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Sunday, July 4, 2004

EDITOR'S NOTE: Jeannine Guttman

War coverage brings array of passionate responses

Copyright 2004 Blethen Maine Newspapers Inc.


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Today is Independence Day, and in that spirit I want to share some perspectives from readers on the question of whether the media should be present to record the return of America's war dead.

Currently, the Pentagon refuses to allow the press to be present when the coffins containing the remains of servicemen and women are returned to Dover Air Force Base in Delaware. A recent vote on the Senate floor kept that ban in place, despite the protests of Sens. John McCain of Arizona and Olympia Snowe of Maine. The two Republicans joined a number of Democrats in trying to lift that ban, and thus allow press coverage.

A concern of lawmakers voting to keep the restrictions in place was the privacy of military families.

Last week, I asked Maine readers for their input. Most who responded said the press should be given this access. The scene at Dover is not specific to an individual; the coffins are not identified. If anything, one reader said, there is more invasion of family privacy at local services and funeral events than there would be at the larger, more anonymous procession at Dover.

Additionally, the readers said, chronicling the flag-draped caskets arriving at that air base is an act of respect and a media obligation. They said it is important for the public to pay tribute to these fallen warriors and to understand the high cost of the wars in Iraq and Afghanistan.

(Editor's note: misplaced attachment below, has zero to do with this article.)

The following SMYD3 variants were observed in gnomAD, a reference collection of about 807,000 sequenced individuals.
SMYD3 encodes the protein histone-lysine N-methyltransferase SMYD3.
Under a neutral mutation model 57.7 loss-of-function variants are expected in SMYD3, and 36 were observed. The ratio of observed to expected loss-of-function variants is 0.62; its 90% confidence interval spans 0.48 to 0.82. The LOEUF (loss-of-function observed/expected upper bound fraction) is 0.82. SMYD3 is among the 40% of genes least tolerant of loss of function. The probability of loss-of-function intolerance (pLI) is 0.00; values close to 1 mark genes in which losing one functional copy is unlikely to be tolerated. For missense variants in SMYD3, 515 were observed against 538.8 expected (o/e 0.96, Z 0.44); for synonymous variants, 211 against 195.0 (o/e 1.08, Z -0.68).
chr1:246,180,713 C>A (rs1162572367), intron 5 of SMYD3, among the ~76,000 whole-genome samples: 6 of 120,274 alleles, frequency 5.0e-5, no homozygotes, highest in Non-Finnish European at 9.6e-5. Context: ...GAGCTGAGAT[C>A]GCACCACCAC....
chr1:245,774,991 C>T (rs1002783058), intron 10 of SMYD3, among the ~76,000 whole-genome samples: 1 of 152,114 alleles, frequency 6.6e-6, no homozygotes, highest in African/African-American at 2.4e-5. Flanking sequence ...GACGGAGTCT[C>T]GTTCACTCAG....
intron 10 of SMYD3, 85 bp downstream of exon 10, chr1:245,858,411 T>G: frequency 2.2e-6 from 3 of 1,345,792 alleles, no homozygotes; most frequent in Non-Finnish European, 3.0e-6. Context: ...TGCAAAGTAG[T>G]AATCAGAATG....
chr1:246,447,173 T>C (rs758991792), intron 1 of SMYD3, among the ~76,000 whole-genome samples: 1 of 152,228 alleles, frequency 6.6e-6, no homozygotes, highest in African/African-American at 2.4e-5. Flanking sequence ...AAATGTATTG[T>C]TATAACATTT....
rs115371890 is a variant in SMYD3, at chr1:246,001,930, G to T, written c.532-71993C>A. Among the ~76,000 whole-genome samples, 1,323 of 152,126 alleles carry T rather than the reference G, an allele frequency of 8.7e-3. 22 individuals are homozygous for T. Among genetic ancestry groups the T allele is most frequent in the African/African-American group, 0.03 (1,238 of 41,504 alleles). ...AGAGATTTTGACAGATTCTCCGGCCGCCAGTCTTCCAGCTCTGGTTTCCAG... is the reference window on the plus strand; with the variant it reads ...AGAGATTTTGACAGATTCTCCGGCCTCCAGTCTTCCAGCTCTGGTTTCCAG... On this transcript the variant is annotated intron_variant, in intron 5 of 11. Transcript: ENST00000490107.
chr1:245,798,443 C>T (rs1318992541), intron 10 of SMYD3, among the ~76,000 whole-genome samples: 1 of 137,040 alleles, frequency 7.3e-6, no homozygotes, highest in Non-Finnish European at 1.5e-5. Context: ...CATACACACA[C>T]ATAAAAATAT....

But one reader worried whether the media would use discretion with such images, and instead of handling the photography sensitively, subject audiences to non-stop footage of the caskets. Her concern: Granting media access is one question, but how the media will then use the images from that access is another.

Here are excerpts from some of the comments.

n Jim Mackell of Arundel: "I am a father who has a son currently serving in the Army in Iraq. He is on his second tour of duty there. Almost every day the thought passes through my mind that this could be the day something happens to him. The random mortar round, the odd RPG, a stray round from one of the millions of AK-47s that litter the country like pine needles in Maine. I was never concerned about winning the war, but I've always been concerned about winning (or losing) the peace.

"It's my opinion that the arrival of our dead at Dover should be covered as a news event. These men and women have died in the service of our country. If the publicity changes our actions in some way, then our actions weren't well justified. I tend to agree with Sen. McCain, 'We ought to know the casualties of war.'